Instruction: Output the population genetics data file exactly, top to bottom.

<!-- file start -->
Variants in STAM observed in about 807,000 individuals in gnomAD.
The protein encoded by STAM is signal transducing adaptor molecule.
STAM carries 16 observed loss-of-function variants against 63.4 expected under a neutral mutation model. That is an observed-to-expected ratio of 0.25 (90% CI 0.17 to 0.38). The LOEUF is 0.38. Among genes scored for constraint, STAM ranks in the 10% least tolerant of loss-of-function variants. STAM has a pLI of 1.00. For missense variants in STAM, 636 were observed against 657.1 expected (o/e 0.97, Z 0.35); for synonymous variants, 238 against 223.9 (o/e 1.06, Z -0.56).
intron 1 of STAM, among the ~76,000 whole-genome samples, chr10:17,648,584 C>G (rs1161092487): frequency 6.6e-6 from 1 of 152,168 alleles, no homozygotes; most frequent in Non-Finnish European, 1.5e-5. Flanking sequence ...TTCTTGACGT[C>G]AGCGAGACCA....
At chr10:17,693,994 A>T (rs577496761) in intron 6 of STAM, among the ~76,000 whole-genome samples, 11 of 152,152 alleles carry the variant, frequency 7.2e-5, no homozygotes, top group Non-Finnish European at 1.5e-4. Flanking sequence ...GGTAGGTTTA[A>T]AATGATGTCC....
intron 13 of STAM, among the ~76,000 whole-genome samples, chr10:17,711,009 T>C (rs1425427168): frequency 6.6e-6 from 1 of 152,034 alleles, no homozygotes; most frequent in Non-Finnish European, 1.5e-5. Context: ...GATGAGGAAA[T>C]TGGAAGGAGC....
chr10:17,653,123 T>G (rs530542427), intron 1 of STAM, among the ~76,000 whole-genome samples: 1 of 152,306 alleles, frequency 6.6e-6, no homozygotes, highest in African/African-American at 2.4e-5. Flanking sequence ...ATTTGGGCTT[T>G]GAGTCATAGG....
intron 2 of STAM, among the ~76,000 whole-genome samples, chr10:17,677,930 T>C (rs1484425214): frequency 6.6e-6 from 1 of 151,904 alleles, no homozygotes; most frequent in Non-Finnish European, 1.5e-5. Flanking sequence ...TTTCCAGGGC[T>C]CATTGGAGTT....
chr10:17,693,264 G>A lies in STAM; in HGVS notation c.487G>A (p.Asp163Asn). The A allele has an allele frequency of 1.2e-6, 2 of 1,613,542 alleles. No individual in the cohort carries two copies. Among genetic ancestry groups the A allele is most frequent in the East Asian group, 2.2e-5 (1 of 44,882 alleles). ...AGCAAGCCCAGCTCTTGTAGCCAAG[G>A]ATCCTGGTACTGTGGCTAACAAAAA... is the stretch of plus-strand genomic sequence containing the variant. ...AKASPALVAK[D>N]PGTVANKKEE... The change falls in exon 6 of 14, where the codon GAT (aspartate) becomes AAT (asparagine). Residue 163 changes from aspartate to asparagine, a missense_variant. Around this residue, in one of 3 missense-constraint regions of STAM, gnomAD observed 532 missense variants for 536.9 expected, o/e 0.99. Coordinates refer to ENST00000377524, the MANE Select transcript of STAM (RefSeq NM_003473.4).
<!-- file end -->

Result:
Variants in STAM observed in about 807,000 individuals in gnomAD.
The protein encoded by STAM is signal transducing adaptor molecule.
STAM carries 16 observed loss-of-function variants against 63.4 expected under a neutral mutation model. That is an observed-to-expected ratio of 0.25 (90% CI 0.17 to 0.38). The LOEUF is 0.38. Among genes scored for constraint, STAM ranks in the 10% least tolerant of loss-of-function variants. STAM has a pLI of 1.00. For missense variants in STAM, 636 were observed against 657.1 expected (o/e 0.97, Z 0.35); for synonymous variants, 238 against 223.9 (o/e 1.06, Z -0.56).
intron 1 of STAM, among the ~76,000 whole-genome samples, chr10:17,648,584 C>G (rs1161092487): frequency 6.6e-6 from 1 of 152,168 alleles, no homozygotes; most frequent in Non-Finnish European, 1.5e-5. Flanking sequence ...TTCTTGACGT[C>G]AGCGAGACCA....
At chr10:17,693,994 A>T (rs577496761) in intron 6 of STAM, among the ~76,000 whole-genome samples, 11 of 152,152 alleles carry the variant, frequency 7.2e-5, no homozygotes, top group Non-Finnish European at 1.5e-4. Flanking sequence ...GGTAGGTTTA[A>T]AATGATGTCC....
intron 13 of STAM, among the ~76,000 whole-genome samples, chr10:17,711,009 T>C (rs1425427168): frequency 6.6e-6 from 1 of 152,034 alleles, no homozygotes; most frequent in Non-Finnish European, 1.5e-5. Context: ...GATGAGGAAA[T>C]TGGAAGGAGC....
chr10:17,653,123 T>G (rs530542427), intron 1 of STAM, among the ~76,000 whole-genome samples: 1 of 152,306 alleles, frequency 6.6e-6, no homozygotes, highest in African/African-American at 2.4e-5. Flanking sequence ...ATTTGGGCTT[T>G]GAGTCATAGG....
intron 2 of STAM, among the ~76,000 whole-genome samples, chr10:17,677,930 T>C (rs1484425214): frequency 6.6e-6 from 1 of 151,904 alleles, no homozygotes; most frequent in Non-Finnish European, 1.5e-5. Flanking sequence ...TTTCCAGGGC[T>C]CATTGGAGTT....
chr10:17,693,264 G>A lies in STAM; in HGVS notation c.487G>A (p.Asp163Asn). The A allele has an allele frequency of 1.2e-6, 2 of 1,613,542 alleles. No individual in the cohort carries two copies. Among genetic ancestry groups the A allele is most frequent in the East Asian group, 2.2e-5 (1 of 44,882 alleles). ...AGCAAGCCCAGCTCTTGTAGCCAAG[G>A]ATCCTGGTACTGTGGCTAACAAAAA... is the stretch of plus-strand genomic sequence containing the variant. ...AKASPALVAK[D>N]PGTVANKKEE... The change falls in exon 6 of 14, where the codon GAT (aspartate) becomes AAT (asparagine). Residue 163 changes from aspartate to asparagine, a missense_variant. Around this residue, in one of 3 missense-constraint regions of STAM, gnomAD observed 532 missense variants for 536.9 expected, o/e 0.99. Coordinates refer to ENST00000377524, the MANE Select transcript of STAM (RefSeq NM_003473.4).